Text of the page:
Are all juices equal?

Some juices are higher in sugar than others. If you are willing to purchase a juicer (some brands are expensive!), preparing juice at home gives you more control over the ingredients, making it easier to consume a healthier product. Keep in mind that whatever kind of fruit or vegetable you choose, the juice will only be as nutritious as the original product. Ideally, you would use fresh and seasonal produce, which are generally riper (and therefore contain more nutrients) than unseasonal foods that have traveled long distances to get to your juicer. It’s also important to drink your juice as soon as possible since many nutrients tend to break down once they are exposed to light and air. Many people also don’t realize that bacteria can grow in fresh juice! If you’re making your own juice, either juice only what you can consume in one sitting or purchase juice that has been pasteurized.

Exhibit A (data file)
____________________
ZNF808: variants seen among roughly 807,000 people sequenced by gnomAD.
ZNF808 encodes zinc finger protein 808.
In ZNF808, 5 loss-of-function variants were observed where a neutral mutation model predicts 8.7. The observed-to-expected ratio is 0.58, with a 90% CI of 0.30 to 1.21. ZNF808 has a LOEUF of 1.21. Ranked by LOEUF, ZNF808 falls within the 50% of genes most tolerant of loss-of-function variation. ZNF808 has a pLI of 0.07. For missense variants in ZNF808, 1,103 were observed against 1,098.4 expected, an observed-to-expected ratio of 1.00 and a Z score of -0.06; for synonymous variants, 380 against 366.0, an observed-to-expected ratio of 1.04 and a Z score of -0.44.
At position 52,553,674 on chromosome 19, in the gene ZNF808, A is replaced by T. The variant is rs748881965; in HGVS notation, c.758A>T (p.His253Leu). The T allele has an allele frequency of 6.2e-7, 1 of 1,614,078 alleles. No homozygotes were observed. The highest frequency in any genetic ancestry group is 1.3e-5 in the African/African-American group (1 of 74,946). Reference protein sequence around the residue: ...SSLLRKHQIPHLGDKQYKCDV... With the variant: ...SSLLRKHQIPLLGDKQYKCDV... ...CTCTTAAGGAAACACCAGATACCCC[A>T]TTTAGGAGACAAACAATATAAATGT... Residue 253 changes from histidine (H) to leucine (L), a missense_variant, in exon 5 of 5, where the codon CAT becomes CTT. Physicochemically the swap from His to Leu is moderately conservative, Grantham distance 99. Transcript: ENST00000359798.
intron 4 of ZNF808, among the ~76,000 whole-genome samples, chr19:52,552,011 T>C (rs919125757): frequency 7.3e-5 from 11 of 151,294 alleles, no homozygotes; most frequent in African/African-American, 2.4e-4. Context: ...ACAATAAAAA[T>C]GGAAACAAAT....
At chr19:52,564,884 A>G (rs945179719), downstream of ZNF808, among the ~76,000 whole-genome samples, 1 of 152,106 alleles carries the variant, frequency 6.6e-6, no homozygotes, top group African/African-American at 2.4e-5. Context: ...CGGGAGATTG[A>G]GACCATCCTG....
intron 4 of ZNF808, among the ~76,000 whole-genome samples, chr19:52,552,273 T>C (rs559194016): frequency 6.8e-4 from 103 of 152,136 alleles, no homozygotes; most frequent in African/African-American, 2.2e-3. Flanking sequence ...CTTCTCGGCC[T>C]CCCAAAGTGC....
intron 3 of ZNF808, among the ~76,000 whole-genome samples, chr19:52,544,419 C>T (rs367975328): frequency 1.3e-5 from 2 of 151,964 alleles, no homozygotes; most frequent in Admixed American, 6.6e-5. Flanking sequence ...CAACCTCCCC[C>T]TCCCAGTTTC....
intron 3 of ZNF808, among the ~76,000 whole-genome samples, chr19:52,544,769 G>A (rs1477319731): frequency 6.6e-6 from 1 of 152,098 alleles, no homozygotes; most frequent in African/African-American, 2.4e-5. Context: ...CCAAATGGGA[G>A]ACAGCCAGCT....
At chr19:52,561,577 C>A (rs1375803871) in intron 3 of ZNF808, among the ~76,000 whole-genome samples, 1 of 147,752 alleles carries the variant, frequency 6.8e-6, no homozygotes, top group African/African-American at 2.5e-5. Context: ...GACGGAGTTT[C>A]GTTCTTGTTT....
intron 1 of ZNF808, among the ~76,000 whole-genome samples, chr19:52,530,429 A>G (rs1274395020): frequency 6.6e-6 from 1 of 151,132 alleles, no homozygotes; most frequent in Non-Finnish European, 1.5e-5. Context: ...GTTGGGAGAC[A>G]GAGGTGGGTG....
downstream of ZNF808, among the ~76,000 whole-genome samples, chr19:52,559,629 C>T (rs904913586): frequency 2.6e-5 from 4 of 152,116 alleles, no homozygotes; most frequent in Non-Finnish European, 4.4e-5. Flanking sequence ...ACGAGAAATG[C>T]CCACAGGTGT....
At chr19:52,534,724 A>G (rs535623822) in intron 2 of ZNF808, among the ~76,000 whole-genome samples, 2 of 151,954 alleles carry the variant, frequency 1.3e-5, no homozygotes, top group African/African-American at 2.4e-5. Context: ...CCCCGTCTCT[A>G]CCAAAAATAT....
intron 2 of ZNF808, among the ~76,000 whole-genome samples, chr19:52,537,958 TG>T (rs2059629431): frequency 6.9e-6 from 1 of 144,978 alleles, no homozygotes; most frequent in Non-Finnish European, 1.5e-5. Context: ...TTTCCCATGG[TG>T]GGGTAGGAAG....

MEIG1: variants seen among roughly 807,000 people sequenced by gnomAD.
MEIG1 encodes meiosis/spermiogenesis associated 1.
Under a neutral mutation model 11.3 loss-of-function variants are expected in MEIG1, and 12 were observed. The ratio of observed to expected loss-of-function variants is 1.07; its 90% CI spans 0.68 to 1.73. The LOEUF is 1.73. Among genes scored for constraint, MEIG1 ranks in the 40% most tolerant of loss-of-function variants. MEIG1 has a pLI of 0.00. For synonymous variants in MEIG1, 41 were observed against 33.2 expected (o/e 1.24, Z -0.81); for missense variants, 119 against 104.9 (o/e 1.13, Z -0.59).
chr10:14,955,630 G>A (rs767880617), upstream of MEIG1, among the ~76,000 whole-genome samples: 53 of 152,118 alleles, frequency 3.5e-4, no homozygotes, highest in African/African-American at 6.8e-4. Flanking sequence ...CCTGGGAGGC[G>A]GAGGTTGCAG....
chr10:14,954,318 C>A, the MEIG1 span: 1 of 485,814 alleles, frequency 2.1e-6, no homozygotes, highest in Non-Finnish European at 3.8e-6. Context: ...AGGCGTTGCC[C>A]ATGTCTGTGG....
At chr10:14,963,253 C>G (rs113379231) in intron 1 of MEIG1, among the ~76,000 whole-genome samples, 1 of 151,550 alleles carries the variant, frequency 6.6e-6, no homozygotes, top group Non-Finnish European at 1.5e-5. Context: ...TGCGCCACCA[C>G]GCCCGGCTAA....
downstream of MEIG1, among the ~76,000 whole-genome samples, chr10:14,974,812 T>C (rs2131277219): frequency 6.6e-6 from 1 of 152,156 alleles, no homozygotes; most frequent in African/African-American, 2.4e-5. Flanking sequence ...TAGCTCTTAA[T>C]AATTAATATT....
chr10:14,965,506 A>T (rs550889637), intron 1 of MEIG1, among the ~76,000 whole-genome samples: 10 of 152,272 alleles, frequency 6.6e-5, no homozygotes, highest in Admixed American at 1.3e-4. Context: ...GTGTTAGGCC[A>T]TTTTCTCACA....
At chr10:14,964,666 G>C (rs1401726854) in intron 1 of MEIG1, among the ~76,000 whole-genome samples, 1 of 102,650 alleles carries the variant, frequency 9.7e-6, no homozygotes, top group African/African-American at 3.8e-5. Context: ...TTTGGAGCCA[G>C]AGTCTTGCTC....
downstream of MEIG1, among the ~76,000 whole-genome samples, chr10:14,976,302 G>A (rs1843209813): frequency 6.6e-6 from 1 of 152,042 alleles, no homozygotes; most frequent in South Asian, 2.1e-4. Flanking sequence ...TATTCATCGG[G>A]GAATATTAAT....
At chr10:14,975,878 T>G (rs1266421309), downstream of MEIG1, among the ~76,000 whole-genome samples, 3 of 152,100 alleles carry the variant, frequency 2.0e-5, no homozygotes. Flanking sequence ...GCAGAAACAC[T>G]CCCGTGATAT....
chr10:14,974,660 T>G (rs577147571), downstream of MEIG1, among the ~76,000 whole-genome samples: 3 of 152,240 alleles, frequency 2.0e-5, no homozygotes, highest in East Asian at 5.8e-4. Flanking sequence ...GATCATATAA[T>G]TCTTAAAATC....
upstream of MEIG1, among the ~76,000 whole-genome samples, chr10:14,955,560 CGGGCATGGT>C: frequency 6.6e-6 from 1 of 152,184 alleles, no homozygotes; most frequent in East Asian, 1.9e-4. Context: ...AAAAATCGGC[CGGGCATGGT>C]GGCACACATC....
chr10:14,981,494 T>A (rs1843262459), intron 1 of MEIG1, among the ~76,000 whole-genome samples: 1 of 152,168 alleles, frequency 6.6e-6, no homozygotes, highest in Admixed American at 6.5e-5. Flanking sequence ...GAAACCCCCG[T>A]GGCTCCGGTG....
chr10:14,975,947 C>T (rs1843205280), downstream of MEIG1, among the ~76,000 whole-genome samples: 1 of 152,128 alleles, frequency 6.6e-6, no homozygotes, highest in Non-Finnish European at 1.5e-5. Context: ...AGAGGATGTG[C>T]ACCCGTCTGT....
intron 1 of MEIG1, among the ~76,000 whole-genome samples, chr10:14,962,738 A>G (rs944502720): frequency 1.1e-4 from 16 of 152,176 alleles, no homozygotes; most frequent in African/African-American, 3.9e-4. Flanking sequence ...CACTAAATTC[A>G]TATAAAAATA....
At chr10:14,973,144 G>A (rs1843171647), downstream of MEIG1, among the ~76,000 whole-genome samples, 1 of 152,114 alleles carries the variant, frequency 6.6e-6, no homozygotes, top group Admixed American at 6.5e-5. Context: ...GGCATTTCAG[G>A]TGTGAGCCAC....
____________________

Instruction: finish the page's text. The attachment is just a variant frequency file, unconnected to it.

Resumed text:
Conversely, those fancy-looking bottles of juice that you see at the health food store may not be all that healthy because some of the nutrients might have been lost by the time it reaches your glass. Be sure to check the label before you buy because many brands also contain added sugars and preservatives. If you’re looking for juice with the greatest nutritional value, you’re probably better off making your own.

Are there any benefits to juicing?

Juicing is a great way to help you reach your recommended servings of fruits and vegetables, but in some cases, your body misses out on several key nutrients. So, should you drink more juice? If you would not eat many fruits and vegetables otherwise, than the answer is probably yes. Drinking juice can help you increase your intake of potassium, iron, and vitamins A and C. Athletes can also drink juice as another way to hydrate. However, while juicing can be part of a healthy eating plan, try to make whole fruits and vegetables a priority when choosing what to eat.

If you’re interested in drinking more juice for health reasons, talk with your doctor, especially if you have problems processing sugar.